"One Canadian couple recently took their homework apostasy all the way to the Supreme Court of Canada. After arguing that there was no evidence that it improved academic performance, they won a ruling that exempted their two children from all homework.
I also find this very recent publication to be spot on and mirrors our experience: Homework and too many structured activities kills intrinsic motivation:
"Children who spend more time in less structured activities—from playing outside to reading books to visiting the zoo—are better able to set their own goals and take actions to meet those goals without prodding from adults, according to a new study by the University of Colorado Boulder. The study, <Web Link; published online in the journal Frontiers in Psychology, also found that children who participate in more structured activities—including soccer practice, piano lessons and homework—had poorer 'self-directed executive function,' a measure of the ability to set and reach goals independently.”
The reality is that most of the data the decision to give homework is based on are just not applicable now because the world has changed so dramatically in the last five years, and the landscape for blended learning is completely different.
I wonder, though, if the situation isn't waiting for some Constitutional challenge: "The right of the people to be secure in their persons, houses, papers, and effects, against unreasonable searches and seizures, shall not be violated..."
Many families could probably make a good case that the lack of boundaries between school control and home life constitutes an unreasonable intrusion. Again, maybe once homework was the best learning opportunity available to most kids, but it's just not the case now. However, I would hate to see a ban on homework result from something like that, rather, I wish someone who challenge it in a way that families could set better boundaries and have more say. I know I keep saying this, but there is a spectrum of educational needs.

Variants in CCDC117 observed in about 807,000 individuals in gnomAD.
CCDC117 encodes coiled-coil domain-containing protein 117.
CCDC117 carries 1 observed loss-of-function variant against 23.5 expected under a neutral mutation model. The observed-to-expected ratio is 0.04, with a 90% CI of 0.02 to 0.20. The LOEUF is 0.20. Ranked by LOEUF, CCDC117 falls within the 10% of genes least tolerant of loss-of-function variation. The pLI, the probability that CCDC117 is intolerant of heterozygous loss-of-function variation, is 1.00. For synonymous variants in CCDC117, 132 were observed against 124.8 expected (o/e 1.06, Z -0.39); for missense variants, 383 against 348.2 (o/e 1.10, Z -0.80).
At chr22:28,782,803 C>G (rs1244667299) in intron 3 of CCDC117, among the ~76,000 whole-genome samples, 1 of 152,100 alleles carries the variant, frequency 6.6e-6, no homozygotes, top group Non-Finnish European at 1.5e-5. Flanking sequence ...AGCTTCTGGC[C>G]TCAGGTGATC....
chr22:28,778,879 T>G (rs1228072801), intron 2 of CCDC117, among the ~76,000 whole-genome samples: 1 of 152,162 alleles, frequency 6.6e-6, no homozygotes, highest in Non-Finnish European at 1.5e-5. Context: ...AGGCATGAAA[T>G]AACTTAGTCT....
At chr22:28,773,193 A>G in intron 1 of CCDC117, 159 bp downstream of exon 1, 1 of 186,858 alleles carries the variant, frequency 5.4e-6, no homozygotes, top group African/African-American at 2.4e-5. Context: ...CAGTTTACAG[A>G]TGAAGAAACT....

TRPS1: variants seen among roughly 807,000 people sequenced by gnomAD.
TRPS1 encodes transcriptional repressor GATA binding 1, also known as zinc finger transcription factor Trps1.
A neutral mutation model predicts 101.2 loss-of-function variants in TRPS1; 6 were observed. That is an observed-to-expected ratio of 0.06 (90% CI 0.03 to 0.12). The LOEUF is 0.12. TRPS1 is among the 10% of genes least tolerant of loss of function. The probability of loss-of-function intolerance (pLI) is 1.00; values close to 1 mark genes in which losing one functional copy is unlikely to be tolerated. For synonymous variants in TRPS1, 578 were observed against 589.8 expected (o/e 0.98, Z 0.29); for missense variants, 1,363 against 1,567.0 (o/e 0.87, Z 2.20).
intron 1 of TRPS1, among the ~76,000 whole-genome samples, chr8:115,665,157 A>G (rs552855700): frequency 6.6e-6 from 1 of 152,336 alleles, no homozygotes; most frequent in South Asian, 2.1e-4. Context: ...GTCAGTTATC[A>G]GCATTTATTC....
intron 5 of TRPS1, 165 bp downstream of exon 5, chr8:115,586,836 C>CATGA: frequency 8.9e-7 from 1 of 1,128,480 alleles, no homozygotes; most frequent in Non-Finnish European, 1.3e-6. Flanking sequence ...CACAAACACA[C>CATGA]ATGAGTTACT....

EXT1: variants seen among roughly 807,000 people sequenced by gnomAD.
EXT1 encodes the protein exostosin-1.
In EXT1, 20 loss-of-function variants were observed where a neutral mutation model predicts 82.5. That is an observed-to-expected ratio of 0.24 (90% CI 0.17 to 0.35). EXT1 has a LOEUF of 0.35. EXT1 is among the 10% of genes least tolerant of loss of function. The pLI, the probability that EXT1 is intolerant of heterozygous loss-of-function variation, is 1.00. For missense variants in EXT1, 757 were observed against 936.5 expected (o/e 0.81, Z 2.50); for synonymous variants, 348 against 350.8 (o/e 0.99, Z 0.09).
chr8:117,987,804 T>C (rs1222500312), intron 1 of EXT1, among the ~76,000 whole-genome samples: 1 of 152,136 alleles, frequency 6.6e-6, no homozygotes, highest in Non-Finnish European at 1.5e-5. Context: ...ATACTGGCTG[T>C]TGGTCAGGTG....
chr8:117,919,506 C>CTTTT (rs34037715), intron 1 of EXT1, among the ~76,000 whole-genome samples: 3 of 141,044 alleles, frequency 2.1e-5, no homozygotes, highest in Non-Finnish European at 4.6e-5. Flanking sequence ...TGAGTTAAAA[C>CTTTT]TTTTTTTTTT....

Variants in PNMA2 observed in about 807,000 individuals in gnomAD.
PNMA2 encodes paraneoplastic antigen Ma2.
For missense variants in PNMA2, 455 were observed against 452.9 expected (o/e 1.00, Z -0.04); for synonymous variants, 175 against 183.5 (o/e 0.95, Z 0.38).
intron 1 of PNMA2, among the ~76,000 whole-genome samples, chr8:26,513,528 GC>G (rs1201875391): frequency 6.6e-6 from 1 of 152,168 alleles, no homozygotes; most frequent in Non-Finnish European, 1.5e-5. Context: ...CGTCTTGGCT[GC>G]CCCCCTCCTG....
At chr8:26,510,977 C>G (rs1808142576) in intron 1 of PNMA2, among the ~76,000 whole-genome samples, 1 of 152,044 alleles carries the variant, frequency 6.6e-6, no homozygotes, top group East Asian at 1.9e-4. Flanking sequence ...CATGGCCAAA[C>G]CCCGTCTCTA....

But would it take a case like that Candian family waged to end homework as we know it, and what would be done in its place? If people think homework is hard, try a federal case (literally)!
a resident of JLS Middle School
on Dec 21, 2014 at 12:23 am
I agree with Paly Parent, Mr. Recycle. I know in some systems, not doing homework won't have serious consequences, but here it would. While no one is forcing anyone to do homework, the homework is a part of the educational program and if someone refuses to do it, they may well flunk out and the consequences may be that they don't get the public education they are due. Every child is entitled to a free and appropriate public education -- it's a fundamental right that comes from the US Constitution. The Constitution does not mention homework, though, or the subject of such boundaries, except perhaps in how we might interpret the 4th Amendment.
I would go further to say that I think it's unreasonable for a a school to have unfettered priority with my child's time 24 hours a day in order to receive a free and appropriate public education.